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fighting ships of the world

UNITED STATES NAVY (UNITED STATES OF AMERICA)

CRUISERS

CHESTER scout cruisers (1908)

Chester 1908

Birmingham 1918

No Name Builder Laid down Launched Comm Fate
CS1, 7/1920- CL1 Chester, 7/1928- York Bath Iron Wks 25/9/1905 26/6/1907 25/4/1908 sold 5/1930
CS2, 7/1920- CL2 Birmingham Fore River, Quincy 14/8/1905 29/5/1907 11/4/1908 sold 5/1930
CS3, 7/1920- CL3 Salem Fore River, Quincy 28/8/1905 27/7/1907 1/8/1908 stricken 11/1929
  

Displacement standard, t

3750

Displacement full, t

4687

Length, m

129.0

Breadth, m

14.3

Draught, m

5.10 mean

No of shafts

CS1: 4

CS2, 3: 2

Machinery

CS1: Parsons steam turbines, 12 Normand boilers

CS2: VTE, 12 Fore River boilers

CS3: Curtis steam turbines, 12 Fore River boilers

Power, h. p.

16000

Max speed, kts

CS1, 3: 24

CS2: 22.4

Fuel, t

CS1, 3: coal 1400

CS2: coal 1375

Endurance, nm(kts)

CS1: 3850(18.6)

CS2: 4150(18.6)

CS3: 3300 (18.6)

Armour, mm

belt: 51 - 38, deck: up to 25

Armament

2 x 1 - 127/50 Mk VI, 6 x 1 - 76/50 Mk III/V/VI, 2 - 533 TT (beam)

Complement

359

Ship project history: Authorised under the Act of 27/4/1904. 'Scout-cruisers' with high freeboard forward. Chester and Salem were the first turbine-engined ships in the USN. The armament was very light, the 127mm guns being on the forecastle deck forward and upper deck aft, and the 76mm to port and starboard on, the upper deck, the foremost being in sponsons under the forecastle. Salem was the worst of the three with the highest coal consumption, and in April 1917-March 1918 she was re-engined with GE geared turbines of 20000shp.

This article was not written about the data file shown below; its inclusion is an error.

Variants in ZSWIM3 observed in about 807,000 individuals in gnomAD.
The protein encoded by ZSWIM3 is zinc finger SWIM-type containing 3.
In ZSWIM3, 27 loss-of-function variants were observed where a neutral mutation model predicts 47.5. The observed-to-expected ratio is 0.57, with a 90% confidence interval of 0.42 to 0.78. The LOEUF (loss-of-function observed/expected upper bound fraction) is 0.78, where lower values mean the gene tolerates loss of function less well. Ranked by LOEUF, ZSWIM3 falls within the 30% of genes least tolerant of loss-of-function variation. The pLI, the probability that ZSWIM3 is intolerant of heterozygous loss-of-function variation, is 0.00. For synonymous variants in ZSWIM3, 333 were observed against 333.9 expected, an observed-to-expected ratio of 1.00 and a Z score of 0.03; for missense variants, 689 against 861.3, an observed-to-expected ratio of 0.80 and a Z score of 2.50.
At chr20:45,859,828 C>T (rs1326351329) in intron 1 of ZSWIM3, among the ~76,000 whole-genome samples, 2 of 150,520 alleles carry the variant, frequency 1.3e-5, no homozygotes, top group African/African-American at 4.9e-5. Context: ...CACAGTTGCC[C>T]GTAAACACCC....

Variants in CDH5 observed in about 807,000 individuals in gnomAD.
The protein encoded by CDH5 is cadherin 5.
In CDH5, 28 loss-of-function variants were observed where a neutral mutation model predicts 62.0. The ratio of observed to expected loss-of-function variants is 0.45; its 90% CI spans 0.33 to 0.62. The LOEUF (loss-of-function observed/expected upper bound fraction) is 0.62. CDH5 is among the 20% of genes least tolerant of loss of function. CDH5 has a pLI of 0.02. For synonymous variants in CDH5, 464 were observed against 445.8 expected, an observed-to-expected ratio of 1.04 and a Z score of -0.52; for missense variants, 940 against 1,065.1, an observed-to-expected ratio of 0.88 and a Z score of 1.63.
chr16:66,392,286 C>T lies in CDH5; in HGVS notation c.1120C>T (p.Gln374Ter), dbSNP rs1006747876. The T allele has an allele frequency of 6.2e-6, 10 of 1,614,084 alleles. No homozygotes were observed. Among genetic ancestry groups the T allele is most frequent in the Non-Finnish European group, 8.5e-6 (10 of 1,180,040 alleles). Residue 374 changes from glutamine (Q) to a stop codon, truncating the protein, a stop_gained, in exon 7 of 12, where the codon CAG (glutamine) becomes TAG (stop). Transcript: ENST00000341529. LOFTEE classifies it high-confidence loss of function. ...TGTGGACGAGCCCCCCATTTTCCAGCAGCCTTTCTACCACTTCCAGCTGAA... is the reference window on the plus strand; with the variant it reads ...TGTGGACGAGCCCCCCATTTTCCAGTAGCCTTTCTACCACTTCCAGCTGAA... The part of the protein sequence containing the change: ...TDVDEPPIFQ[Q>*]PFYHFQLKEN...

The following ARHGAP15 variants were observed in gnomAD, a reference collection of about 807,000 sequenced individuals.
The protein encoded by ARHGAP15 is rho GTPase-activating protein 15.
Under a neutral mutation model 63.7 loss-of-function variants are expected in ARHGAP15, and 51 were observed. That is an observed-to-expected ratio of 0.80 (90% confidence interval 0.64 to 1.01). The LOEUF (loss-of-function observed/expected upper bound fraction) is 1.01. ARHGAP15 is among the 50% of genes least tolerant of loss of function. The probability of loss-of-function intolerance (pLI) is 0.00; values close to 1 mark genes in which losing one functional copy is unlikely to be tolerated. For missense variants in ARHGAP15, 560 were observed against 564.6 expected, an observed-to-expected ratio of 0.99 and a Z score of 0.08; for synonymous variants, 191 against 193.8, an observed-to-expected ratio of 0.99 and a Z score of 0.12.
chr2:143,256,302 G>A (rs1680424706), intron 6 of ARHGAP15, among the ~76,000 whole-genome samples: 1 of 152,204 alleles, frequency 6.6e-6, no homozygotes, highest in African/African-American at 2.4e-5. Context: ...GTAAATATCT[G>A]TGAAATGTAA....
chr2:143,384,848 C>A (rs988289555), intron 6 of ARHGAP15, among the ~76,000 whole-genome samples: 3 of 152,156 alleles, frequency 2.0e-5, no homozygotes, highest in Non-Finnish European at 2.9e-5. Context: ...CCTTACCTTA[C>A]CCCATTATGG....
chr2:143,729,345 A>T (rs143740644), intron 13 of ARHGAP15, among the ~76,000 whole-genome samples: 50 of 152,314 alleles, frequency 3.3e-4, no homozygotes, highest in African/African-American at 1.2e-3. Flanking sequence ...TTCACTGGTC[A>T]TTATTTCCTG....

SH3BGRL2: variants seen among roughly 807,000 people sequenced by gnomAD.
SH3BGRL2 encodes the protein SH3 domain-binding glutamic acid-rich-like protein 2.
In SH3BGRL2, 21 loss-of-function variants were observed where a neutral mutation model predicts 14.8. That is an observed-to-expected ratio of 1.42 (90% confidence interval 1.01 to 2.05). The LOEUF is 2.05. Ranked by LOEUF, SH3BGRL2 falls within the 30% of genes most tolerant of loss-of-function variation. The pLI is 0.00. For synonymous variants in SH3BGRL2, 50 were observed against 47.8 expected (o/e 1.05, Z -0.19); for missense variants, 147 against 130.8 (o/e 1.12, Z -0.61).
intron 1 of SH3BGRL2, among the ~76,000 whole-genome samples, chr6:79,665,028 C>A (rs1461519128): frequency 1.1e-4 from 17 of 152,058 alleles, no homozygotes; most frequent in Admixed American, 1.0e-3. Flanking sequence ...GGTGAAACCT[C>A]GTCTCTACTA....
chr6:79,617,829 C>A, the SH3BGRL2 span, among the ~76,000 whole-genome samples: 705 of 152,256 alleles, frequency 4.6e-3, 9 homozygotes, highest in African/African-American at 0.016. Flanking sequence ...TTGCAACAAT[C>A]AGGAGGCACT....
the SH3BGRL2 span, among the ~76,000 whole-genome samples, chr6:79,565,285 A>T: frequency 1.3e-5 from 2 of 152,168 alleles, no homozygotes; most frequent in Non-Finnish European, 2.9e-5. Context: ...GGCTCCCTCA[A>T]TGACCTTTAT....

Ship protection: Main belt protected only machinery and was 51mm thick. Separate 38mm belt protected steering gear. Deck had maximal 25mm thickness. Guns were placed on open mounts.

Modernizations: 1917 - 1918, all: - 2 x 1 - 127/50, 4 x 1 - 76/50, 2 - 533 TT (sub); + 4 x 1 - 127/51 Mk VIII, 1 x 1 - 76/52 Mk X, 2 x 1 - 533 TT

3/1918, Salem: Curtis steam turbines were replaced by General Electric geared steam turbines. Engine power were increased to 20000hp.

Naval service: The first take-off by an aeroplane from a ship was made from a wooden platform built on the bow of Birmingham, anchored in Hampton Roads, on 14 November 1910, by Eugene Ely piloting a 50hp Curtiss. Final decommissioning dates were Chester 10/6/1921, Birmingham 1/12/1923, Salem 16/8/1921.

Chester

Ivan Gogin, 2014